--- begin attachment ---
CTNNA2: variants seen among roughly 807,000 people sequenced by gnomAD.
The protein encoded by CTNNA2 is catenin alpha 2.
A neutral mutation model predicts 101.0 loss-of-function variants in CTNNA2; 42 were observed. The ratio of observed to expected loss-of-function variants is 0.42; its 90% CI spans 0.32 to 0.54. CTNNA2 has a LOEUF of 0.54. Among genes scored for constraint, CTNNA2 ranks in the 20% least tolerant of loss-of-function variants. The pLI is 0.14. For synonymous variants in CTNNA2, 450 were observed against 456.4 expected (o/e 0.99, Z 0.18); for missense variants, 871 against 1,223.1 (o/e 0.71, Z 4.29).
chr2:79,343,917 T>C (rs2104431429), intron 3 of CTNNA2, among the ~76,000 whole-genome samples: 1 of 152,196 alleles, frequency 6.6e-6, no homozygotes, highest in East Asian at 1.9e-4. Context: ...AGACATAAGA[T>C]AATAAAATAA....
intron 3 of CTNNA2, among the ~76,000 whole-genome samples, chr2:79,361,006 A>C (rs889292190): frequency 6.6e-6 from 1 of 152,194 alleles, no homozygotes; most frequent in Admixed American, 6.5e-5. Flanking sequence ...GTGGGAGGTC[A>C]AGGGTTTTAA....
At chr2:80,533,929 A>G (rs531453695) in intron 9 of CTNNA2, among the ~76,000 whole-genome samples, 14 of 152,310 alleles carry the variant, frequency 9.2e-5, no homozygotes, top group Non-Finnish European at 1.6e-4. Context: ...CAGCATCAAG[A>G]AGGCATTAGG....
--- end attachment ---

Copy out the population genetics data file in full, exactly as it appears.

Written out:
CTNNA2: variants seen among roughly 807,000 people sequenced by gnomAD.
The protein encoded by CTNNA2 is catenin alpha 2.
A neutral mutation model predicts 101.0 loss-of-function variants in CTNNA2; 42 were observed. The ratio of observed to expected loss-of-function variants is 0.42; its 90% CI spans 0.32 to 0.54. CTNNA2 has a LOEUF of 0.54. Among genes scored for constraint, CTNNA2 ranks in the 20% least tolerant of loss-of-function variants. The pLI is 0.14. For synonymous variants in CTNNA2, 450 were observed against 456.4 expected (o/e 0.99, Z 0.18); for missense variants, 871 against 1,223.1 (o/e 0.71, Z 4.29).
chr2:79,343,917 T>C (rs2104431429), intron 3 of CTNNA2, among the ~76,000 whole-genome samples: 1 of 152,196 alleles, frequency 6.6e-6, no homozygotes, highest in East Asian at 1.9e-4. Context: ...AGACATAAGA[T>C]AATAAAATAA....
intron 3 of CTNNA2, among the ~76,000 whole-genome samples, chr2:79,361,006 A>C (rs889292190): frequency 6.6e-6 from 1 of 152,194 alleles, no homozygotes; most frequent in Admixed American, 6.5e-5. Flanking sequence ...GTGGGAGGTC[A>C]AGGGTTTTAA....
At chr2:80,533,929 A>G (rs531453695) in intron 9 of CTNNA2, among the ~76,000 whole-genome samples, 14 of 152,310 alleles carry the variant, frequency 9.2e-5, no homozygotes, top group Non-Finnish European at 1.6e-4. Context: ...CAGCATCAAG[A>G]AGGCATTAGG....